The hydraulic cylinder(s) on climbing frames are extremely powerful as they have to support the dead weight of the tower crane above the frame. If a climbing frame roller assembly snags on an obstruction, such as a jacking lug on the tower, the hydraulic power can easily break the assembly off and create a falling object risk. As a climbing frame can be at a significant height above ground level, the falling object may land many metres from the base of the tower crane and poses a significant risk to workers and members of the public.
Possible control measures to prevent similar incidents
This incident has highlighted the risk of falling objects during climbing operations. Climbing tower cranes is a complex activity that requires a highly competent rigging crew with specialised training. To help address the risk of falling objects during tower crane climbing operations, section 5.4.1 of the Tower Crane Code of Practice (PDF, 1.56 MB) (the Code) specifies an exclusion zone of at least a 12m radius from the base of the tower crane to help reduce the risk from falling objects. However, this exclusion zone should not be relied on to adequately address the risk of falling objects. If an object falls from height, it can fall well outside of a 12m exclusion zone. It is therefore a much better alternative to implement systems that reduce the likelihood of an object falling in the first place. Ways to achieve this include the following:
- Making sure the climbing frame is positioned so that the clearances between the guide roller assemblies and tower section or climbing lugs specified by the manufacturer are complied with. This will require using the correct number of shims or packers under each roller assembly.
- Ensuring the sizes and locations of climbing lugs on tower sections comply with the manufacturer’s dimensions and tolerances (to achieve this the dimensions should be checked when the tower sections are in the crane yard against the manufacturer’s design drawings).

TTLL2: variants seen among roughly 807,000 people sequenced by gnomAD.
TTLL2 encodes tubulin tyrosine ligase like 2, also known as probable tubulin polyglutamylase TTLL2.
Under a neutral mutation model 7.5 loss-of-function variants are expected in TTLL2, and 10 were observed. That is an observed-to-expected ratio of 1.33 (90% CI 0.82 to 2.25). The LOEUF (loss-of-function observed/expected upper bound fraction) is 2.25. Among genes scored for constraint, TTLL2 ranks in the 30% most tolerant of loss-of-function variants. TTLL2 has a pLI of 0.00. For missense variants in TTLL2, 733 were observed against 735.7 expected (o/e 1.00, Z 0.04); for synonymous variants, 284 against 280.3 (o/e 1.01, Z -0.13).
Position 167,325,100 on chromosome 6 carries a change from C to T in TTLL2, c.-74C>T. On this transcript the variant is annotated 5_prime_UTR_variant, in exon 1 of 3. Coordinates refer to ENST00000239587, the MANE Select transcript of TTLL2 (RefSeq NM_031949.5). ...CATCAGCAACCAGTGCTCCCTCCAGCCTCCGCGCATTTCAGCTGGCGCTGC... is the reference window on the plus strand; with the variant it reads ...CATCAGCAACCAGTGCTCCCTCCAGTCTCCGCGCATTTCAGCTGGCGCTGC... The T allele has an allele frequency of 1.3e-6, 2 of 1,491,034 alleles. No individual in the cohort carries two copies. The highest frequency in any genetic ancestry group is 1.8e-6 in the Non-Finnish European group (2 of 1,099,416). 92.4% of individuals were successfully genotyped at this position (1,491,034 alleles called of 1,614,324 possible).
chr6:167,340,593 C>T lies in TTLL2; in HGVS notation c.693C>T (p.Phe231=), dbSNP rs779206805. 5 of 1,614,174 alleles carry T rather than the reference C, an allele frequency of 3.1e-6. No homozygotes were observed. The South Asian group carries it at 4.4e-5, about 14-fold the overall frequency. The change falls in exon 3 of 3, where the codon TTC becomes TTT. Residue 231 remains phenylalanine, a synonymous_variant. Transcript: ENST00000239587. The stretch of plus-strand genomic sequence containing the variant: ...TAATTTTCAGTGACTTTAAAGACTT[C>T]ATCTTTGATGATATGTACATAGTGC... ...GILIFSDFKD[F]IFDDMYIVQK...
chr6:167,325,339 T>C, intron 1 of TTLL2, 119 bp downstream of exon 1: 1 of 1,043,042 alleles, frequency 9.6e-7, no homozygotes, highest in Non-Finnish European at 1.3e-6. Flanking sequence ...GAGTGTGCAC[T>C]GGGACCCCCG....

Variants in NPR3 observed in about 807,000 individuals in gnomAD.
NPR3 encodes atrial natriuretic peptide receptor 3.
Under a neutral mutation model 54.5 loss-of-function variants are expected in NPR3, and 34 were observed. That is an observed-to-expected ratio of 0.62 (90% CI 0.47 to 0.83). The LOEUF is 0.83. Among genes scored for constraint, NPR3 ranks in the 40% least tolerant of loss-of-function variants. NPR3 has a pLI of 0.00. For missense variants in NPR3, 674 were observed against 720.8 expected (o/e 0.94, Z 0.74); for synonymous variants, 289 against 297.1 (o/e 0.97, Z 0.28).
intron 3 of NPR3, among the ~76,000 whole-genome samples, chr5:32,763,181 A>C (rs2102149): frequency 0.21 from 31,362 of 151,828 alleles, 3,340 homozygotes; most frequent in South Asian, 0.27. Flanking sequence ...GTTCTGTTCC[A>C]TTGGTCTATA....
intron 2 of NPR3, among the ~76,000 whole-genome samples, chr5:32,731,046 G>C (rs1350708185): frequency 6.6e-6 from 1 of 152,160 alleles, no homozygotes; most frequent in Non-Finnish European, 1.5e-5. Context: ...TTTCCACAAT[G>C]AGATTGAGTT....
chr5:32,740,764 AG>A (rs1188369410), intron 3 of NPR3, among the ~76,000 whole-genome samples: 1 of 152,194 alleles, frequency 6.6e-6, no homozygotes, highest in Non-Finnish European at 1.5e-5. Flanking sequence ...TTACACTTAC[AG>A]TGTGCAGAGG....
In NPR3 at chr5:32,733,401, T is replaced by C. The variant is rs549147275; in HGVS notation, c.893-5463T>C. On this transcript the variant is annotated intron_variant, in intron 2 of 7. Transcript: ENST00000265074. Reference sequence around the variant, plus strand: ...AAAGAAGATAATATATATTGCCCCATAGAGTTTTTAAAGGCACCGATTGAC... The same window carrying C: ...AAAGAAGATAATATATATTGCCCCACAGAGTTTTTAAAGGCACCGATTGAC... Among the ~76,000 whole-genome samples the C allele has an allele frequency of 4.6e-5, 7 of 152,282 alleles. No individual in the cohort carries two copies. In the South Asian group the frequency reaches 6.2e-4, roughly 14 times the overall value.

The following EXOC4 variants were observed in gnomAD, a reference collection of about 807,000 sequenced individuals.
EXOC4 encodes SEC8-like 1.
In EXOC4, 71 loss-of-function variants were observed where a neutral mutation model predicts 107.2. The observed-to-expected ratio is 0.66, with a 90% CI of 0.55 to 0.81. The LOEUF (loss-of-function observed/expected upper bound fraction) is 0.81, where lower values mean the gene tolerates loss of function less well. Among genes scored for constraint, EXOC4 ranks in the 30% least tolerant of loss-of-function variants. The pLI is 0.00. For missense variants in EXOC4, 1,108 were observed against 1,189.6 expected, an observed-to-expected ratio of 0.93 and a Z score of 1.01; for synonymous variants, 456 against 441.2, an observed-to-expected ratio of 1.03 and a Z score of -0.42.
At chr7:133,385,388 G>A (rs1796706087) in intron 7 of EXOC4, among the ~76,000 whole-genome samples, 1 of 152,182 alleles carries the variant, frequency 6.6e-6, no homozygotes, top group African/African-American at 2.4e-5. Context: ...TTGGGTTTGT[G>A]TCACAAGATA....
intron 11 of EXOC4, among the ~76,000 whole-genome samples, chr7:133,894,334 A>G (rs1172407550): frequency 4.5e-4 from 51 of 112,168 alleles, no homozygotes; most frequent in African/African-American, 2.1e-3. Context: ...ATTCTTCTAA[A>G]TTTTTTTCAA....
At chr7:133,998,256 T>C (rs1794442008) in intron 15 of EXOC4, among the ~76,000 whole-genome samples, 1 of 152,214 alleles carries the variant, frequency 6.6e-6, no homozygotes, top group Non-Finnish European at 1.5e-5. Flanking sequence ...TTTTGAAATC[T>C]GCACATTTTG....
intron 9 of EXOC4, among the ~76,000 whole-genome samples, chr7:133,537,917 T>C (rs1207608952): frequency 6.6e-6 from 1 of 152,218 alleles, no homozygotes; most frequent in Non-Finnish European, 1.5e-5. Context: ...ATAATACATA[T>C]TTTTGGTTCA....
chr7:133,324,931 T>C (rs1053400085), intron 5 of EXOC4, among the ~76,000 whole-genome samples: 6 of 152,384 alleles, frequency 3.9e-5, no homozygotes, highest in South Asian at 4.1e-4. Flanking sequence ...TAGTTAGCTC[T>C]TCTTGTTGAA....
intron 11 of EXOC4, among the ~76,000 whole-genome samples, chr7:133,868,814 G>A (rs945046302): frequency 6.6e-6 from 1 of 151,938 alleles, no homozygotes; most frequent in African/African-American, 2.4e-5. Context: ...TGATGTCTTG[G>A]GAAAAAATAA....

- Being aware that as a tower crane becomes higher, the tower will become more prone to swaying (e.g., from wind) and the relative movement between the tower and climbing frame may increase. This may increase the risk of the climbing lugs hitting the guide rollers as the climbing cylinder raises the crane.
- On climbing frames where there is a risk of the guide roller assembly hitting climbing lugs on a tower (i.e., lugs protrude from the tower) - use a spotter(s) so that climbing can stop before damage occurs. Each spotter should have clear communication with the rigger operating the climbing cylinder.
Note: Section 5.4.4. of the Code discusses the use of restraining systems on packers or shims to catch the component if it inadvertently dropped (i.e., safety chains). This method is frequently used for packers where the tower is tied back to a building. However, on a climbing frame, the packers may need to be moved between roller assemblies and a safety chain could potentially introduce other hazards. The method could, however, be used as a temporary back up to use on a packer while a rigger is trying to position the packer in place (i.e., while the bolts are being inserted). However, the slack in a safety chain must be minimised and there must be no risk of the chain failing from shock loading if the packer falls.
- How to manage work health and safety risks Code of Practice 2021 (PDF, 0.65 MB)
- Tower crane Code of Practice 2017 (PDF, 1.56 MB)
- Tower crane checklist (DOCX, 0.04 MB)
- Guide to inspecting and maintaining cranes – Safe Work Australia
- Safe Work Australia – Guide to Tower Cranes 2016
- HSE Discussion paper on the safe use of ‘external’ climbing frames on tower cranes (PDF)
Support for people affected by a serious workplace incident